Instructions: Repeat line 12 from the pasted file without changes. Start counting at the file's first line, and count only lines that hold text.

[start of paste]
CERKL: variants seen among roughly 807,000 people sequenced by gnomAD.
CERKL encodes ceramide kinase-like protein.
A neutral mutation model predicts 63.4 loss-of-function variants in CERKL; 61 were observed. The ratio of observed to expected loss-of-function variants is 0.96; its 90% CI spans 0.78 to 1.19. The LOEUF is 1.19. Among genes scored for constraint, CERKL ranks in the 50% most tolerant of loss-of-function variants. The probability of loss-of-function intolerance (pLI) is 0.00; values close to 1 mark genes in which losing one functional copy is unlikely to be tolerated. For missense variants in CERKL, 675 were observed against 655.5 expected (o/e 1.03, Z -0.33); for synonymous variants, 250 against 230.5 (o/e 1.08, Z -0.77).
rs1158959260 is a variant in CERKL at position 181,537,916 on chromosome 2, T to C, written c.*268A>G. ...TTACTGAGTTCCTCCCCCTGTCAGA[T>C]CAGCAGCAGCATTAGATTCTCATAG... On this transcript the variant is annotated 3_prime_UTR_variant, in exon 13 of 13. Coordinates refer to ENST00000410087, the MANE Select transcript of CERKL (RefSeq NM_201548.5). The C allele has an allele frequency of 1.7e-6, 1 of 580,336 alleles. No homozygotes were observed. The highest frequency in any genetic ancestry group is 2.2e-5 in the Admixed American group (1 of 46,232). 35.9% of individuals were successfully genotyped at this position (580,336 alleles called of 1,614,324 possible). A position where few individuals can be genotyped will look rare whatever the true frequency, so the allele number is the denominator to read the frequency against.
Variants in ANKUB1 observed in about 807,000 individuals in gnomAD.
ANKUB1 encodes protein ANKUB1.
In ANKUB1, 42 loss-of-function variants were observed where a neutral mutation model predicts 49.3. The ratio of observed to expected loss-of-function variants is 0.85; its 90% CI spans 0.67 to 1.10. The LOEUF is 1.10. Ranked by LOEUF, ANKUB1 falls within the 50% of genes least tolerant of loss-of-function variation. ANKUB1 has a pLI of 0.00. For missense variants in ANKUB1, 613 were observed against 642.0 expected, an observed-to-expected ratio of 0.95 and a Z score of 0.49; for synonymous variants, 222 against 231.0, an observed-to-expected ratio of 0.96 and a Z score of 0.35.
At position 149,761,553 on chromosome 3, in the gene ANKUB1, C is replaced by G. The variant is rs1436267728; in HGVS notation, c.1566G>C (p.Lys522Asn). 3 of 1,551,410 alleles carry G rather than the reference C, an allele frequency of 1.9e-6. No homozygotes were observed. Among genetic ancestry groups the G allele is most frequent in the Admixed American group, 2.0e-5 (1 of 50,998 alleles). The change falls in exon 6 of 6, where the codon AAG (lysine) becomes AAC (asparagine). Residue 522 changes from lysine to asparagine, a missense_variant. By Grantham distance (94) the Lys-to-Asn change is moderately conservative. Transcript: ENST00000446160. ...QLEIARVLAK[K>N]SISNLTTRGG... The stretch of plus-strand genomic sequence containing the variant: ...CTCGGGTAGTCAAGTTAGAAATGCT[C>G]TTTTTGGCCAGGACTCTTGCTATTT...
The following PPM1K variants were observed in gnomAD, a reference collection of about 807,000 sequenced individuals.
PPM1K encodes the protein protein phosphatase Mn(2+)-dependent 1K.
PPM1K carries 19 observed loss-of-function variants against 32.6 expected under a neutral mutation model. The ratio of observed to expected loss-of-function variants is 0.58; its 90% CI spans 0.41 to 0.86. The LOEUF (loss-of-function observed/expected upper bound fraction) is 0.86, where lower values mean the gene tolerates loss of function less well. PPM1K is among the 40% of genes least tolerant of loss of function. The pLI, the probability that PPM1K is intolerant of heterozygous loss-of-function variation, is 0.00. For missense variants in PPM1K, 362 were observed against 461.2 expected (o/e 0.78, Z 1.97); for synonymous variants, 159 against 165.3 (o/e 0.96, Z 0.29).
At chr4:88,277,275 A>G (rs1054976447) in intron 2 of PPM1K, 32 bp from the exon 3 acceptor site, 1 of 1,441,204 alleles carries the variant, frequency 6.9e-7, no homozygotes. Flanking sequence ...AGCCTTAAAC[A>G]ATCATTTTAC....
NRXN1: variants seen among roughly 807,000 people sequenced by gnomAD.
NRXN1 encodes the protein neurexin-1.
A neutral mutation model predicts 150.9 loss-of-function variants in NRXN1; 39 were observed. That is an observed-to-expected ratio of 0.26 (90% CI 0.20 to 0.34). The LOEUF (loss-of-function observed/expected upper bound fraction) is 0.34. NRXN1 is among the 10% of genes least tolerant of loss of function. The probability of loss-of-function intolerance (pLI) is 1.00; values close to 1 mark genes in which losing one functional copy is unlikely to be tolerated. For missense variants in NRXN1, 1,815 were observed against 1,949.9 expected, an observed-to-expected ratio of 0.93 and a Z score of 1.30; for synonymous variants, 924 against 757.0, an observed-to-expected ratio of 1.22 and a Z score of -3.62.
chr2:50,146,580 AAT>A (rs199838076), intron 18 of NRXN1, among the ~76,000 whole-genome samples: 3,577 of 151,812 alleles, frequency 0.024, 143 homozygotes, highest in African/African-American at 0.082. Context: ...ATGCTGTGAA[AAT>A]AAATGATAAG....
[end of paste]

At chr4:88,277,275 A>G (rs1054976447) in intron 2 of PPM1K, 32 bp from the exon 3 acceptor site, 1 of 1,441,204 alleles carries the variant, frequency 6.9e-7, no homozygotes. Flanking sequence ...AGCCTTAAAC[A>G]ATCATTTTAC....